We want to demonstrate we’re taking maximum precautions.
Tom is concerned about his parents, both 89. He said: “I’m worried they don’t understand the gravity of the situation, if they catch it, it probably will kill them.
“It has arrived back very locally to my parents, and at the time, they were unaware.”
Tom told NQ the authorities have built another hospital in Nanning of 100 beds.
“It takes in any cases that happen in the whole of Guangxi,” he said.
“News channels demonstrate that everyone is pulling together - you’ll see images of people recovering and receiving bouquets of flowers when leaving the hospital, which is a regular shot on TV.”
“It provides a bit of cohesion, and reassures the public that maximum effort is being made.”
Tom arrived in China on 26 January, the second day of the Chinese New year, and said that when he arrived “it was deadly quiet, no traffic, no one walking around”.
He said: “Chinese New Year is equivalent to Christmas and it was effectively cancelled, with traditional large family dinner gatherings prohibited.
“There have been big sacrifices made by Chinese people through government direction.
“Usually there are fireworks and firecrackers for days, but this year, not a single one.”
Due to Chinese regulation of the media, Tom says he "spends hours trying to find out what’s going". He says the virus is "on your mind all the time, you don’t not think about it for more than an hour a day".
The situation has recently changed in Nanning as businesses were able to open again at the end of February.
Tom said: “Everywhere was shut down where you were able to gather in numbers.
“Restaurants are re-opening but they’re only allowing less than 50% of their capacity and in some places instructed to close earlier.”
Mei’s cousin works as a nurse in a hospital and was asked to work in Hubei. Medical staff with no children were asked in particular to go.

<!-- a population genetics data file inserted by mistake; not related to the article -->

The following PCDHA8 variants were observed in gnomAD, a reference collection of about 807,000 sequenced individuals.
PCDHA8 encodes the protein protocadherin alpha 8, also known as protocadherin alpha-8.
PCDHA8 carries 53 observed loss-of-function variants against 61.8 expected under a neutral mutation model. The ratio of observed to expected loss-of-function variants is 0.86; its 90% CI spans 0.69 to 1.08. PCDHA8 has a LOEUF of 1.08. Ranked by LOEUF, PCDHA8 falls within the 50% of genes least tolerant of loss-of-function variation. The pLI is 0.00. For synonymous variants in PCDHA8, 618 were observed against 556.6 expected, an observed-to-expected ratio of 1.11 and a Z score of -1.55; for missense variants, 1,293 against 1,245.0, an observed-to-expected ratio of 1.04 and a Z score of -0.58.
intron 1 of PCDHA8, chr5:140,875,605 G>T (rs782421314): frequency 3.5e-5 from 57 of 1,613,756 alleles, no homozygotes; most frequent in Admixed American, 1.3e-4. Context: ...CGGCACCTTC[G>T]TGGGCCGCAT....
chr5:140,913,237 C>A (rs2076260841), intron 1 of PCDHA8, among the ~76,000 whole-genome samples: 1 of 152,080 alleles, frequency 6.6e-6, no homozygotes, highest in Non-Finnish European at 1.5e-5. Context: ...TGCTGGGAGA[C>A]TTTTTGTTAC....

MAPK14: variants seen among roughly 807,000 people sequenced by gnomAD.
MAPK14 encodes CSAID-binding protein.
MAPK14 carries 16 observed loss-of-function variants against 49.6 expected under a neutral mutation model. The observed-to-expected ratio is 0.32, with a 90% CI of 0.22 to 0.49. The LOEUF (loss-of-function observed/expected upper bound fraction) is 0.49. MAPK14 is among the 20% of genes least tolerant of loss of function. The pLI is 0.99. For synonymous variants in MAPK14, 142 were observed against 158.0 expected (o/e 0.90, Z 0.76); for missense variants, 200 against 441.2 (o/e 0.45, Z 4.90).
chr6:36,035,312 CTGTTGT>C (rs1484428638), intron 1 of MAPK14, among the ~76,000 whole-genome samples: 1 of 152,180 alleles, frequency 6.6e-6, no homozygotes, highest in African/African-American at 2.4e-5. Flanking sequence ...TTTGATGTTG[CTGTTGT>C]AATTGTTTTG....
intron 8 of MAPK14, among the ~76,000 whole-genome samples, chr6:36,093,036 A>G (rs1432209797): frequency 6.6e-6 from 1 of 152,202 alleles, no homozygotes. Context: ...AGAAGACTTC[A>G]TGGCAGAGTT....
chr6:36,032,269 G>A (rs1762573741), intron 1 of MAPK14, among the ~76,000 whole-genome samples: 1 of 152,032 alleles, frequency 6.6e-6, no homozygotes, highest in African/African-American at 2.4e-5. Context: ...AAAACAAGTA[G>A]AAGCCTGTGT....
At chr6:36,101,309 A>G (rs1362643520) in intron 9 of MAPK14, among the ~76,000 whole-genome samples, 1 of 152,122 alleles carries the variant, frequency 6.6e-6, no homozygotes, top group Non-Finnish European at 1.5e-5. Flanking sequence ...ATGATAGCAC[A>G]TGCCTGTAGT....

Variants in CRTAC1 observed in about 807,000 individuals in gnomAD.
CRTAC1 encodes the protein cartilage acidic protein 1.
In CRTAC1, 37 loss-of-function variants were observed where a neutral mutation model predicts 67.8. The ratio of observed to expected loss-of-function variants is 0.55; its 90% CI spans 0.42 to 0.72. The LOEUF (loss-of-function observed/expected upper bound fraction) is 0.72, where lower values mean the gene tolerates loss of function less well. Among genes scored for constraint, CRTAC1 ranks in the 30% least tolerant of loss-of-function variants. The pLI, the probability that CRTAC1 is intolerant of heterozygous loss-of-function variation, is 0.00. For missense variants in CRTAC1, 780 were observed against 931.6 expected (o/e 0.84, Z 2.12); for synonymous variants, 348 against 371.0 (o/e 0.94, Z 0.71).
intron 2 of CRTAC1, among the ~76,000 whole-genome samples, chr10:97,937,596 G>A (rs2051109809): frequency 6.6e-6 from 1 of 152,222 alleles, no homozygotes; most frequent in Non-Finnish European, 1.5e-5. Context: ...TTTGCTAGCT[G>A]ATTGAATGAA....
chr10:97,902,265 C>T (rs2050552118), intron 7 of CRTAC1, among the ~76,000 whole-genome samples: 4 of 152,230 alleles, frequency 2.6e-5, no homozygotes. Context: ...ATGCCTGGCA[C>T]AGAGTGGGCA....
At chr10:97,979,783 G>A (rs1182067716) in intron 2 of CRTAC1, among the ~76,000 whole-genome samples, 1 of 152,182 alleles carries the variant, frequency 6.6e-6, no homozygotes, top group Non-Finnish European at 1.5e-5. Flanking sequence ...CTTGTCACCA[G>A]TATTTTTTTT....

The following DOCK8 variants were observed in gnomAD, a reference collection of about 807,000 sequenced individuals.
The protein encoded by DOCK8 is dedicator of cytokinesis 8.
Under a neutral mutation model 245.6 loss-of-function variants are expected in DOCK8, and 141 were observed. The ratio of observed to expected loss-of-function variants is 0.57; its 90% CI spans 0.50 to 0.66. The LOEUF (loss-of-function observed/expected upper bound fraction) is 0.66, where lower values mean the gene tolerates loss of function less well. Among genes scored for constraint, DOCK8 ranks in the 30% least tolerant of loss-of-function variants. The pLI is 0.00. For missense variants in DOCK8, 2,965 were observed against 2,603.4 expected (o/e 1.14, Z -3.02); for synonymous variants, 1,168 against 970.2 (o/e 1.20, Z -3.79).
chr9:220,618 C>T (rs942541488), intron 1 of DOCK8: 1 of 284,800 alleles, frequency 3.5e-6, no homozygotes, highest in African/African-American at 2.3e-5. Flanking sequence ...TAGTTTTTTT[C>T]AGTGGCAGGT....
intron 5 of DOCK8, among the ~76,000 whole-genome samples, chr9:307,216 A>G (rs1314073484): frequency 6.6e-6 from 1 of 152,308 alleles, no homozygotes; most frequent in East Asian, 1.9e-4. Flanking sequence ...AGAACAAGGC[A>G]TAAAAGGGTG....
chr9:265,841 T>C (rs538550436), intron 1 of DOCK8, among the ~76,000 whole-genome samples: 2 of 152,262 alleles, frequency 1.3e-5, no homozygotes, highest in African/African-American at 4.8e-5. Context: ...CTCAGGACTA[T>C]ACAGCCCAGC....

She says she knows a lot of people who have lost a lot of business but say they are not complaining because it helped prevent the virus spreading.
A lot of business owners are now delivery men as they are in high demand at the moment as a lot of people are now ordering food to their homes.
"We are devoted to not only the country, but to the world, to delay the spread of the virus," Mei said.
“Delivery in China is very popular. But the delivery men must leave you all their contact details, even their temperature, and you decide if you want to collect your order.
“If someone returns from Hubei, they must self-isolate. The government will help you get food and medicine and drop it at your door.
“The schools ask all the top teachers to record lessons and they put them on special apps and in chat rooms. The teacher can see everyone, they have to do exercises from home, sing songs from home and even wear uniform at home.
“All the parents must sign a contract to say the kids will still work.”
Mei said important exams have been delayed but that schools in Nanning will reopen at the end of the month.
Pupils "will be given two masks a day, and have their temperature taken every couple of hours".
Tom is considering coming back to England alone because he does not want to put his children or wife in any more danger than necessary.
He said: “In terms of the children, they might be safer here”.
Tom said that the first thing he had heard from Boris Johnson was about "singing happy birthday and washing your hands".
He added: “It sounded infantile, bearing in mind the seriousness of the situation. There’s obviously a lot more to be done than that as it's also primarily an airborne virus.”
In contrast to the current situation in England, Tom said: “There has never been any shortage of food in the supermarkets in this province, other than face masks and hand sanitiser.
“Within the province of Hubei, they haven’t been out working or farming, so produce and food has been donated and transported carefully in disinfected trucks from other parts of China.
And those who have been told to isolate but haven’t, have been carted off. Local residents will have reported them.
“People have stayed at home for weeks until now, especially in some parts of the city where cases have previously cropped up.
“The World Health Organization statistics show how effective the containment has been to Hubei.
“It looks like there are few examples of this success elsewhere in the world and instead, the best that can be done is to slow the advance to delay it until summer months and lessen the impact on hospitals.”